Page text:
The story begins almost 900 years ago. It is the year 1147 and the village of Verfeil is a nest of Cathar heretics. The famous abbot Bernard de Clairvaux – the foremost reformer of the Cistercian order – comes here to bring the population into the fold of the Catholic Church only to be met with rebuff and mockery. According to the legend taking his leave the abbot thunders against the village:
“Verfeil… cité de la verte feuille… que Dieu te dessèche” – “Verfeil … town of the green leaf … may God wither you!”
What happened next are 7 long and difficult years of drought, after which the first tree to spring up is a fig tree. Since then the fig tree leave is on the coat of arm of the village!
In more recent times – much more recent! – since 2012, the town celebrates each middle of October the “Fig Tree Festival”, a feast that highlight Verfeil’s historic heritage.
Situated some 20 km northwest of Toulouse the Verfeil is a nice little town well worth a call by any history interested visitor.
The town was founded in the 8th century when, on the location of the nowadays “chateau”, was erected a quadrangular fortification. Soon afterwards several peasants’ huts appeared at the feet of the fort: Verfeil was born.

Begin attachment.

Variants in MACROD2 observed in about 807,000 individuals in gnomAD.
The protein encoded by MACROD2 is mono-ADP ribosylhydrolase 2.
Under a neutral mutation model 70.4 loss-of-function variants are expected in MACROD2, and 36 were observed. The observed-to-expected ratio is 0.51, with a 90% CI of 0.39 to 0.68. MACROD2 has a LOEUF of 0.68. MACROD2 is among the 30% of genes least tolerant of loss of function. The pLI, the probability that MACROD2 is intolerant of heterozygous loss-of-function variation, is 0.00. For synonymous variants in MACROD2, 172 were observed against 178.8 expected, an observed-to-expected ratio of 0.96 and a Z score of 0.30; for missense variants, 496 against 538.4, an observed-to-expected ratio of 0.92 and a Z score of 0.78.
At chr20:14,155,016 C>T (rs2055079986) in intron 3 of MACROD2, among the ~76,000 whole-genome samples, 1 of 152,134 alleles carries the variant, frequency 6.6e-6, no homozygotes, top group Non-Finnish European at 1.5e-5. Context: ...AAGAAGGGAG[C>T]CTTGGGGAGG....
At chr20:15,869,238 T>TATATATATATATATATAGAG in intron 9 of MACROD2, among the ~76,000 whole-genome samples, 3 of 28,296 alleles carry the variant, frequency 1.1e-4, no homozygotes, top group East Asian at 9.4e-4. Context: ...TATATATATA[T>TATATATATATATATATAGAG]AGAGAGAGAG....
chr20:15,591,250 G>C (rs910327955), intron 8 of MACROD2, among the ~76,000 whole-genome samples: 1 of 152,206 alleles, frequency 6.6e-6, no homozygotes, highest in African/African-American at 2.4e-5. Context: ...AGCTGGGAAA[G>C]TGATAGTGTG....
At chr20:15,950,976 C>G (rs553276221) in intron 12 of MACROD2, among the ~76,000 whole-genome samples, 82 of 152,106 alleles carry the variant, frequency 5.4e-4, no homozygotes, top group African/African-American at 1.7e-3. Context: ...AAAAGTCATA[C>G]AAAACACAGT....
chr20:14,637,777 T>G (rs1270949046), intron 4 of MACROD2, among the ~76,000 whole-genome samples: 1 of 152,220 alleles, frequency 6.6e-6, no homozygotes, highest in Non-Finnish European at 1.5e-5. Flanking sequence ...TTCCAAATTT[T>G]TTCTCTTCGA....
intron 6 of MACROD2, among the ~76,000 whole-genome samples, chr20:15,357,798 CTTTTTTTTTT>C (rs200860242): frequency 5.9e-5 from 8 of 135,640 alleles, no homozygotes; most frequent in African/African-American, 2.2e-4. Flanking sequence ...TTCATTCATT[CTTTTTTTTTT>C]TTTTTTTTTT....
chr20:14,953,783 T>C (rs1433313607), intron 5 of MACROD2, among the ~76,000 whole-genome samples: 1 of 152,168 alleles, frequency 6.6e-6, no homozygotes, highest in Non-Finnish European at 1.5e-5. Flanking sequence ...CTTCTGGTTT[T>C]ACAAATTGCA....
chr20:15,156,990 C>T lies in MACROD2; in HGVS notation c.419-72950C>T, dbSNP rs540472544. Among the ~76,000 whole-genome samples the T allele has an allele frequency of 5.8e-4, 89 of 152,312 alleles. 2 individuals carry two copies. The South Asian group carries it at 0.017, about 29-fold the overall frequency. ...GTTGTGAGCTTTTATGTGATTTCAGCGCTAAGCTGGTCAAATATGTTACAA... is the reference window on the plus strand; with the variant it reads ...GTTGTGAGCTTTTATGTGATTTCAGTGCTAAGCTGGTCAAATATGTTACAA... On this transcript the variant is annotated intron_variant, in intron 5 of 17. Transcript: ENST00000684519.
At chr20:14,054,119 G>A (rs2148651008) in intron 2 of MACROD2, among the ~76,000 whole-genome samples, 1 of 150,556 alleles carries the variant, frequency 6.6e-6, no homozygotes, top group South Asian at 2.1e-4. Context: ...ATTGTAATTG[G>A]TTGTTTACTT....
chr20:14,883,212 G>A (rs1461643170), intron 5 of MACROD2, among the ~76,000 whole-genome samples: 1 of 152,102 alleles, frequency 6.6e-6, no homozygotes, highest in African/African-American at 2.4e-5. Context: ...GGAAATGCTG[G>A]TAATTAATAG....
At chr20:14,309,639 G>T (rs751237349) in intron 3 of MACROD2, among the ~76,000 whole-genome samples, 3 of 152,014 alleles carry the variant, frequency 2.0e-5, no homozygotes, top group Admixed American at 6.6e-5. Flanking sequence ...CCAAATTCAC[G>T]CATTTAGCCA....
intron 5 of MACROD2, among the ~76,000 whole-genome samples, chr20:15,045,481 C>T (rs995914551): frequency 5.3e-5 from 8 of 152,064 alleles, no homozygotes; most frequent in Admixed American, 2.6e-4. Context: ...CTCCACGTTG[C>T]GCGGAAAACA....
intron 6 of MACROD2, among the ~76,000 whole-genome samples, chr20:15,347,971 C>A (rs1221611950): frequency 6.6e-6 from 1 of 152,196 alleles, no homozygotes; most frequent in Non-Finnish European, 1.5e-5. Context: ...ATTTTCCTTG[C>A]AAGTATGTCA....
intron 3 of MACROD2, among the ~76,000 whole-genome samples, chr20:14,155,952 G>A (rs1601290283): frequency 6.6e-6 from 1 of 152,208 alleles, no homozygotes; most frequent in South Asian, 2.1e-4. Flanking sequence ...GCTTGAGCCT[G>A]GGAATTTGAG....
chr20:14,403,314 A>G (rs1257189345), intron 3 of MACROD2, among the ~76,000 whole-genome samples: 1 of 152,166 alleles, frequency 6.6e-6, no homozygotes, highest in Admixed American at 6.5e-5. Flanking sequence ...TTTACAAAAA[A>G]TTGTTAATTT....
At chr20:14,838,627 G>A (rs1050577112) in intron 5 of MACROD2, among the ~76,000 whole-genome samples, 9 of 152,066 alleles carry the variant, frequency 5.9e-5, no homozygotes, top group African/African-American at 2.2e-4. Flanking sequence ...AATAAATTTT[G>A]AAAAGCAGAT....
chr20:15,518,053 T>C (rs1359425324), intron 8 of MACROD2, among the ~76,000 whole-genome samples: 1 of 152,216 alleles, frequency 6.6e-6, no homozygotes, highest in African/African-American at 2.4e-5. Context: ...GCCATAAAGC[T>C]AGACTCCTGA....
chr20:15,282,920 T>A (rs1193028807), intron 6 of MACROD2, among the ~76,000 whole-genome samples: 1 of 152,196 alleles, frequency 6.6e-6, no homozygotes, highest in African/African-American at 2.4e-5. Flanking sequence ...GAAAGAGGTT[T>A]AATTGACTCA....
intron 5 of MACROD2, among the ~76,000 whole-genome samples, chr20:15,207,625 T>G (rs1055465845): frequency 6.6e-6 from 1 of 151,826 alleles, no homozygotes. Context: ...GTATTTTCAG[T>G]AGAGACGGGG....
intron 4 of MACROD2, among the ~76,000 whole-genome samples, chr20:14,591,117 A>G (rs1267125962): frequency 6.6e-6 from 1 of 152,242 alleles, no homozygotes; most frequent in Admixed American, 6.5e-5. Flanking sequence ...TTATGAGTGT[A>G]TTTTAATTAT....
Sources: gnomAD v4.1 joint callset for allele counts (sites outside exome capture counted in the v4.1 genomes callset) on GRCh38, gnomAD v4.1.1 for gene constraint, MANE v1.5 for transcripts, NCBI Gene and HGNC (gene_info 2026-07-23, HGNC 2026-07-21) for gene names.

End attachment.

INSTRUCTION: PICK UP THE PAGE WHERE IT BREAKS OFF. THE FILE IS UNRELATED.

After the troubled times brought by the Catharism emergence in the 12th century and the Religious Wars of the 16th century Verfeil went through a period of prosperity during the golden era of the “pastel”, the blue vegetable dye that brought riches to the area between the cities of Toulouse, Albi and Carcassonne where the town is located.
The most imposing building of Verfeil is its fortified “chateau”. A gigantic 3000 square meters (32,000 square feet) brick made structure it was built probably in the 12th century on the foundation of the older, 8th century fortification. It is here that in 1595 took place the Conference of Verfeil that recognized Henri IV as the Catholic King of France and thus ended the religious conflicts.